Any divorced father will tell you how hard it can be to live away from their kids. The feelings of failure, inadequacy and isolation can be suffocating. Trust me, I know from experience. So how do we overcome these feelings and be the best dads possible?
I wrote about these feelings before and had quite a few guys in similar situations contact me to let me know how much they resonated with what I wrote. In my effort to let others know they were not alone, my own struggles were eased because I finally knew I wasn’t alone either. And boy did I need that brotherhood! The Uncle Dad post came during a time when I was struggling with my situation as a divorced dad that isn’t a part of his children’s daily lives. The support was good, but I was stuck in the hopeless feeling of the situation.
One particular day, I began searching articles on the internet that could speak into my situation, but I was not prepared for what I would find.
An article on AllProDad.com titled A Committed, Divorced Father Story caught my attention, so I clicked on it. It was an inspirational story of a father of 7 kids, some of which were from his first marriage. He describes having to work through a long distance relationship with his kids and the impact that made on them. It reaffirmed the things I’ve committed myself to over the years, but the thing that really changed my perspective was a comment on the article. This particular comment was from a 51 year old divorced dad who was also the product of a broken home as a kid. He described how his dad’s shame in the shadow of divorce was so overwhelming, he wasn’t around much. The commenter began to punch me repeatedly in the kidneys with his tough love approach. In a nutshell, he said that kids need their dad to be active in their lives no matter how the living arrangements are and that they didn’t ask for this situation but they still want their dad’s attention. So suck it up and stop feeling sorry for yourself! It was the exact thing I needed to hear and feel.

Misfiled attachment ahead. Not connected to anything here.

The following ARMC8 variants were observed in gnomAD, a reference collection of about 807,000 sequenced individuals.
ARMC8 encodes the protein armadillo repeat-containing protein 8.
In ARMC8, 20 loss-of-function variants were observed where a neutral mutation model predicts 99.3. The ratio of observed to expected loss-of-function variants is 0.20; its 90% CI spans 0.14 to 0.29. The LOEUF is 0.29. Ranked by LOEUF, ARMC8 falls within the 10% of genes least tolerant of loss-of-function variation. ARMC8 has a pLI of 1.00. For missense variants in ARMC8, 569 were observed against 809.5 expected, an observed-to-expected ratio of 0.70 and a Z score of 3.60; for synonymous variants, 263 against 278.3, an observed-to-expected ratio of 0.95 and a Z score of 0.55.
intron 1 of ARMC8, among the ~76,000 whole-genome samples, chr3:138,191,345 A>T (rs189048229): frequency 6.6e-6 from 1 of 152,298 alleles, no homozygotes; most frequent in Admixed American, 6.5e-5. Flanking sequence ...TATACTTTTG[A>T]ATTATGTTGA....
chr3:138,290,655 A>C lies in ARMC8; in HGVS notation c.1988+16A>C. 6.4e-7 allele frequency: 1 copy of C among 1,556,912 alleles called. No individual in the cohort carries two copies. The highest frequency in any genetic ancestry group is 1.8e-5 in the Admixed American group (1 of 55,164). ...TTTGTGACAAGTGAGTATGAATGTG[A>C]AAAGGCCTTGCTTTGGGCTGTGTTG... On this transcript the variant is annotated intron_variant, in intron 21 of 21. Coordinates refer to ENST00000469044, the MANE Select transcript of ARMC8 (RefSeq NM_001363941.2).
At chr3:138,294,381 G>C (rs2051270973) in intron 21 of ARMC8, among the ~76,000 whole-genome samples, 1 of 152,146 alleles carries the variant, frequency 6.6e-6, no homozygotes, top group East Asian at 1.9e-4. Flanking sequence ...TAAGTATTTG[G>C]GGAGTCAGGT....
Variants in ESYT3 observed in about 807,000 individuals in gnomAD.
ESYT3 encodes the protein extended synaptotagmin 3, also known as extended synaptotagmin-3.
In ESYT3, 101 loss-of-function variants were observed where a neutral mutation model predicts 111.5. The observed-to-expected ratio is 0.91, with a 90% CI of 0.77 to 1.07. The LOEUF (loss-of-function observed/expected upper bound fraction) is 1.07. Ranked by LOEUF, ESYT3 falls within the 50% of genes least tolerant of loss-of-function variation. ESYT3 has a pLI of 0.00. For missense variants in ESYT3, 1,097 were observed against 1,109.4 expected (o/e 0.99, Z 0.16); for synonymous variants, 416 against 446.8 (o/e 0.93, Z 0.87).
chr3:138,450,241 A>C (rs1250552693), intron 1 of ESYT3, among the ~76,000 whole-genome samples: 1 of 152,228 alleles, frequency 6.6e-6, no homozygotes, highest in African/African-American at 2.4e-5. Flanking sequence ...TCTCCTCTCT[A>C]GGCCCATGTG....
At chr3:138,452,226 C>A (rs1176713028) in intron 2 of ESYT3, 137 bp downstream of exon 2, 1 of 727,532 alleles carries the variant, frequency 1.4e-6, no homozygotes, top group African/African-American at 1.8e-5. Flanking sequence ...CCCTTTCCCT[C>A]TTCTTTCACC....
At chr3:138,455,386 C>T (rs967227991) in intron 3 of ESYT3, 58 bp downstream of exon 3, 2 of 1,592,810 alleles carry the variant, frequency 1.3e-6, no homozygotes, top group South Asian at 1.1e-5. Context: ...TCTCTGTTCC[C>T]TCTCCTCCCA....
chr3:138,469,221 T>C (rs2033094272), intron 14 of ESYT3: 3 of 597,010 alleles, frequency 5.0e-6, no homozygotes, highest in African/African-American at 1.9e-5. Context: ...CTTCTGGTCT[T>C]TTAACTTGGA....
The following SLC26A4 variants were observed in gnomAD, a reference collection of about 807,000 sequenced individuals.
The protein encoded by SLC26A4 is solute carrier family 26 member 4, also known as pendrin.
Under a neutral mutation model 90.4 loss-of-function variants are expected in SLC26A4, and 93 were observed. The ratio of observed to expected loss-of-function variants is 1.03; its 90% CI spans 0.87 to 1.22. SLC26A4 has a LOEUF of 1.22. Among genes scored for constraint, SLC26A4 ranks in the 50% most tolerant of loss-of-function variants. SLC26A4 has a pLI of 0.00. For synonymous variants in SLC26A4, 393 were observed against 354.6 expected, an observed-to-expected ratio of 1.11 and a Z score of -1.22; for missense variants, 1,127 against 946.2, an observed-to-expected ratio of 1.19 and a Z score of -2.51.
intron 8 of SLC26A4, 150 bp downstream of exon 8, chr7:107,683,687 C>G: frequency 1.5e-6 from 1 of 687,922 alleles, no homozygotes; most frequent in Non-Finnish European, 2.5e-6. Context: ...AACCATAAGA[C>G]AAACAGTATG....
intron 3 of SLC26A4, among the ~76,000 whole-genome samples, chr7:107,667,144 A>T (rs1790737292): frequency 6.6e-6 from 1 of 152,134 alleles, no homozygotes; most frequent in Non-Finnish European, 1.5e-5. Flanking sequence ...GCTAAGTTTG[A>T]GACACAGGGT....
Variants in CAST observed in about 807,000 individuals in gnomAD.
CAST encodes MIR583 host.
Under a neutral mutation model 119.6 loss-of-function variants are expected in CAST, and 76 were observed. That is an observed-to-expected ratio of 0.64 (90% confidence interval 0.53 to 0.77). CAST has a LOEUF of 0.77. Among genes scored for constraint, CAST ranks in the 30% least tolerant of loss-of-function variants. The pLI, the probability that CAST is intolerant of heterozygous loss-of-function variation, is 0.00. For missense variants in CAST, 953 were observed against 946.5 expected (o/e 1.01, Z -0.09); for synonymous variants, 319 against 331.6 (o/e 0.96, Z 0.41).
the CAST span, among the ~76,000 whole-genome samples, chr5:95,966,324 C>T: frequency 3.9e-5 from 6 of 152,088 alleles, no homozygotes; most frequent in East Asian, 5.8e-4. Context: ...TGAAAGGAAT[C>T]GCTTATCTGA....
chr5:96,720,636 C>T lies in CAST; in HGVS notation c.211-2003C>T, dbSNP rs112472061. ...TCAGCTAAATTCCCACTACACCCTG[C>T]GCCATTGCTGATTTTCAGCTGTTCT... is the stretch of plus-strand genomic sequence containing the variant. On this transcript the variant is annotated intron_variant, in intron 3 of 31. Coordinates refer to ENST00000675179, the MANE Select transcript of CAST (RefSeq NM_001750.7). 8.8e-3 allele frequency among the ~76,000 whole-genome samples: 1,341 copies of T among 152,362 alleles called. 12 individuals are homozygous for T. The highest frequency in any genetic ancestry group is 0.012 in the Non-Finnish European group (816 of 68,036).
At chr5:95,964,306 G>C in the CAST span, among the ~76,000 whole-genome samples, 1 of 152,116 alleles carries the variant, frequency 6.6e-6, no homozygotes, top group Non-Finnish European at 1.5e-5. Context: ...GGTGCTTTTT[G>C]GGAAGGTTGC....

What I’ve learned through this process is that the situation doesn’t have to control me, and the label doesn’t have to own me. Two specifics thing have helped me stop feeling like an Uncle Dad:
- I learned to share my struggles with other people that can relate. The moment I started receiving feedback from other divorced dads, I stopped feeling alone. Finally, someone else could put into words what no one else around me could understand. Those feelings of failure that I was wrestling with were a normal part of the situation and others felt it to. It’s not a brotherhood anyone wants or seeks out, but it’s been healing for me to know I’m not the only one.
- I learned that I needed to stop focusing on what I didn’t have and concentrate on what I do have. Perspective is a major part of the battle. Tell me your perspective on almost any trial or struggle and I could come pretty close to predicting the outcome. Our thoughts and feelings lead us astray so much. For me, the punch in the face was that I was focusing on what I didn’t have and wanted rather than on what I do have. I have a great relationship with my four kids and I’m not going to let my lack of perceived lack of time with them screw that up!
The emotions will still be a roller coaster at times for me, but I’ve learned two important action steps I can take to combat them. Community and perspective. I’m so glad I did! I’m their dad and nothing will ever change that.
What have you learned to help you combat the roller coaster emotions of being a divorced dad?